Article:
The wind absolutely sucked. It changed direction three times during our approach. Jacques and I were in agreement. We would take the most favorable wind direction and do a huge circle around the bull to get the wind, and then come at him from the back. Forty-Five minutes later we were closing in, but it didn’t work. Either he saw us, or the wind gave us away. He ran off in that characteristic lumbering gait only the cape buffalo possess. We wasted no time and started tracking him again. But this time the bull was waiting for us in the trees – facing us. And that was the first time I got a good look at him – same with everyone else. The bull is huge. Well over 40 inches we estimated and that could be comparable to maybe a 170 inch whitetail – only about 10x the weight and 1000x the danger. It was really the first time I’d seen one of these animals close. They are awesome creatures worthy of respect. I can see why so many people want to hunt them; they are one of Africa’s top trophy animals.

The bull stared at us for a few moments then busted away. Unlike the lion, you don’t keep pushing a buffalo. We talked next-steps for 10 minutes and a mini-debate occurred in Afrikaans (native language). Jacques is in favor of tracking this bull. Jimmy and Linda in favor of backing off and giving him some breathing room and letting him bed down again. The trackers and me sat it out. It wasn’t anything bad, a simple discussion on strategy born out of frustration. This was by far the closest we had come in days and each day we seem to make just a little more progress. But still, it was a difficult.

We started to learn more about this bull. He was what they call an old dugga boy - a very old bull that has been kicked out of the herd by the younger studs. The rest of the herd was gone. Years ago they had been captured and moved off of this huge ranch by the landowner who grew tired of the problems associated with buffalo. But they could never catch two bulls. This one, and another mature, but smaller bull. A hunter tried to hunt this big bull, but he could never find him. They shot the smaller bull instead and this bull has remained here alone ever since. He is occasionally seen by the owner and by his hand, (Big) Simone (not to be confused with our Simone (Little) Simone, who is a tracker with Madiakgama). But he is very elusive and moves mostly at night. As Big Simone said; “to kill that bull with any weapon would be a great accomplishment. To kill him with a bow is impossible.”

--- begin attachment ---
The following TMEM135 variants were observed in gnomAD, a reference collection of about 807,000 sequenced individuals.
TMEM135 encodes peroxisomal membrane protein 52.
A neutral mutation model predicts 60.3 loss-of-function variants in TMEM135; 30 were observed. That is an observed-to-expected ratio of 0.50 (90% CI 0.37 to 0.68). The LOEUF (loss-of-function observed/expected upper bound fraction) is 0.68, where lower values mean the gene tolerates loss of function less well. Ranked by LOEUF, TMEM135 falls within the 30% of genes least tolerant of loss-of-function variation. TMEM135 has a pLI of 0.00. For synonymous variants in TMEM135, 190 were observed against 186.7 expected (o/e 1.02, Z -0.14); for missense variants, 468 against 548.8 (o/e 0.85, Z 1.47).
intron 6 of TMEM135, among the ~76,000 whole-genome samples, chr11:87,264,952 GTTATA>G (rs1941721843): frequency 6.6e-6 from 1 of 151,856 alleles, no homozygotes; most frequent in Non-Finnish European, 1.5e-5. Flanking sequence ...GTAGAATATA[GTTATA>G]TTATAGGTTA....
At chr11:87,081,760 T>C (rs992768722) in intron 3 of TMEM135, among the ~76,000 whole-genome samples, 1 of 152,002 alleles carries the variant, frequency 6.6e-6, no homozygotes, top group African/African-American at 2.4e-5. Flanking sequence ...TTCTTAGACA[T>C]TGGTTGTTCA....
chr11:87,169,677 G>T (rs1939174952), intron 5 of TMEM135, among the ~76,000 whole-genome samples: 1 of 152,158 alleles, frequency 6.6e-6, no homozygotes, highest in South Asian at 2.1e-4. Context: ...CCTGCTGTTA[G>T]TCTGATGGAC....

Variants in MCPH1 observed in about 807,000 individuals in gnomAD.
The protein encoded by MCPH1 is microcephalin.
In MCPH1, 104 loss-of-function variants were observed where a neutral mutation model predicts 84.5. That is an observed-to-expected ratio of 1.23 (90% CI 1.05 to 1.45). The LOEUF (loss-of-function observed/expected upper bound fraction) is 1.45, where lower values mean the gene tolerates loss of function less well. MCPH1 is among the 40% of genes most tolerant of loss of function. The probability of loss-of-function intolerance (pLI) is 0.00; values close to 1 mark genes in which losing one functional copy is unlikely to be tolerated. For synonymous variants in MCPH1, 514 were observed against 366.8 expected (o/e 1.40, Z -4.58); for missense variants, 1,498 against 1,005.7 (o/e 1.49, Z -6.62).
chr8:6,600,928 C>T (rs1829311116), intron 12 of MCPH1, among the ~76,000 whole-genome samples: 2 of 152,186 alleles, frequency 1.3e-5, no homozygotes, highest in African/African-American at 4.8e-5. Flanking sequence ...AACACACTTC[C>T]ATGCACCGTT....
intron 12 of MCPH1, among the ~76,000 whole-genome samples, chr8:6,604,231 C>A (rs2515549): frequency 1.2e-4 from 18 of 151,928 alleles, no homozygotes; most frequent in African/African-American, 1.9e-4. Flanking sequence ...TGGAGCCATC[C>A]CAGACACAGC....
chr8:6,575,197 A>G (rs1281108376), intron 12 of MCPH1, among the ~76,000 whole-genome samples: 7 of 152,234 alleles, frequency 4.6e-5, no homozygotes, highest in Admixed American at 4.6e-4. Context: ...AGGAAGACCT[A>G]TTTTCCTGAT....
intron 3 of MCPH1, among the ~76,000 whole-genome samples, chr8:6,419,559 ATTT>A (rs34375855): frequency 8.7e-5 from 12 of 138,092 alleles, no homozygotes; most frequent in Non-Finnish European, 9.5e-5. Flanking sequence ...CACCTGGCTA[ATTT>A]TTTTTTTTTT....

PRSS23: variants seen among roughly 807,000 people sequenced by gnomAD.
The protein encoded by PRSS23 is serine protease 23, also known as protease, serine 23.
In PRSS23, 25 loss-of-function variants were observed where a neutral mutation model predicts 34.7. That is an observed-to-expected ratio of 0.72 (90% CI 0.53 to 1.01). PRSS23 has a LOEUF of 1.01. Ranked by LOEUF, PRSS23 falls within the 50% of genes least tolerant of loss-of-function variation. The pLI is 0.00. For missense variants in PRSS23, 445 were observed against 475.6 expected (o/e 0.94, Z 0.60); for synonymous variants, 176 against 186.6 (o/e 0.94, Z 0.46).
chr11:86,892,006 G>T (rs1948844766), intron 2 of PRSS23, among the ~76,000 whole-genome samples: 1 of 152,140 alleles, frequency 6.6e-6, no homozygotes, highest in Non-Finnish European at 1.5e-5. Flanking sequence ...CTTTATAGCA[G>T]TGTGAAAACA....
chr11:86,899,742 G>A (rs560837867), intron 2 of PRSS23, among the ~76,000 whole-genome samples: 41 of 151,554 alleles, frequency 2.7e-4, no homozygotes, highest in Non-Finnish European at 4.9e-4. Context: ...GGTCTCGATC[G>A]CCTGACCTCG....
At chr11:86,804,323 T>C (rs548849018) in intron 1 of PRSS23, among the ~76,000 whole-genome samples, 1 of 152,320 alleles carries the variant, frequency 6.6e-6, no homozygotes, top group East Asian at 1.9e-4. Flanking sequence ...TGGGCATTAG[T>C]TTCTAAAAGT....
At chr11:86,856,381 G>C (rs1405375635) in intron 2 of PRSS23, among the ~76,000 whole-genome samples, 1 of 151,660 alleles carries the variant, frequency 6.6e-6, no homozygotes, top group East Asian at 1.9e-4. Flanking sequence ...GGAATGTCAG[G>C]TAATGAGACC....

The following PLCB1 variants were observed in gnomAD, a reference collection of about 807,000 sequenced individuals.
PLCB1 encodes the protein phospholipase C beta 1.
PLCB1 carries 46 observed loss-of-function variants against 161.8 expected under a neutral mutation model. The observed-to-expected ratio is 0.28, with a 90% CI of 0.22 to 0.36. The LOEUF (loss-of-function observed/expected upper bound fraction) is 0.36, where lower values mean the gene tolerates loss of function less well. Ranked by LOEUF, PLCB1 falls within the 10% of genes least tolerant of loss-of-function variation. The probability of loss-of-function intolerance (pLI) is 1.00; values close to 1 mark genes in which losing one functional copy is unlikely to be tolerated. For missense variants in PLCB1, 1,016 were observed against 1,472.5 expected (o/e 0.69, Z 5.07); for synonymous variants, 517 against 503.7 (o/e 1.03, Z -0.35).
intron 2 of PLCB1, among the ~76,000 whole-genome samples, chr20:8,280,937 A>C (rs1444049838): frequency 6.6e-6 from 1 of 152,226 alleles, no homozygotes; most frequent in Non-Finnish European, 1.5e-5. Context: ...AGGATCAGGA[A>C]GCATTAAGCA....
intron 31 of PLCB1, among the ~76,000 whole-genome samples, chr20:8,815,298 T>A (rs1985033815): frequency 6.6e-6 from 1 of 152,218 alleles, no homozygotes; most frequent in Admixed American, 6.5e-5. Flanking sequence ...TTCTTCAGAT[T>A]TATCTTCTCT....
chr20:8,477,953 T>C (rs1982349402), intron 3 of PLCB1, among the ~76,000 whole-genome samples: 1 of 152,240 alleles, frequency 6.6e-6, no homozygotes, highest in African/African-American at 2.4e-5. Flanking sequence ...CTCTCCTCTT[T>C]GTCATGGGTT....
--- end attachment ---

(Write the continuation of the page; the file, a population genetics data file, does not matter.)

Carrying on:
I disagree. We are getting closer every day. Our biggest fear is if he goes back to those bluegums and stays put. He may also very well be totally nocturnal already which complicates everything. This may be a lot harder than we realize but it’s still early.

As any good safari outfit will want you to be successful, Linda and Jimmy did provide me with another option. There was a big herd an hours’ drive from where we are right now. The property is a bit smaller so my odds are better. They also have decent buffalo, but apparently not as big as this bull here. I want to hunt this bull. He’s intriguing me more every day and Jacques and I are starting to get a little obsessed with hunting him. I also want him on my terms. Spotting and stalking. Only two animals have ever had me single-focused like this. One was a huge bull elk and the other was a PY whitetail in Massachusetts. Other than that, I usually hunt many different animals – what I call “representative species” and am satisfied with that. This bull may be the third – we’ll see what happens tomorrow. As he continues to elude us, the game becomes more intense. It’s like a giant chess match unfolding across the Veldt. And size is not as big a factor as you’d think. There is simply a mystique about him and his story, which I like. So does Jacques. It’s almost like Big Simone is the Oracle and asks us; “Are you the One?” Neo here thinks so.. Ha! (Wish I looked like Neo).

 

 

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Next - Day 9


Our Professional Hunters for this safari is: Madiakgama Safaris
P.O. Box 138
VRYBURG
8600
Republic of South Africa
International Phone: 011-27-82-684222

USA Agent - Jeff Frey
Bowhunters Select Outfitters

717-261-5951
Email:
[email protected]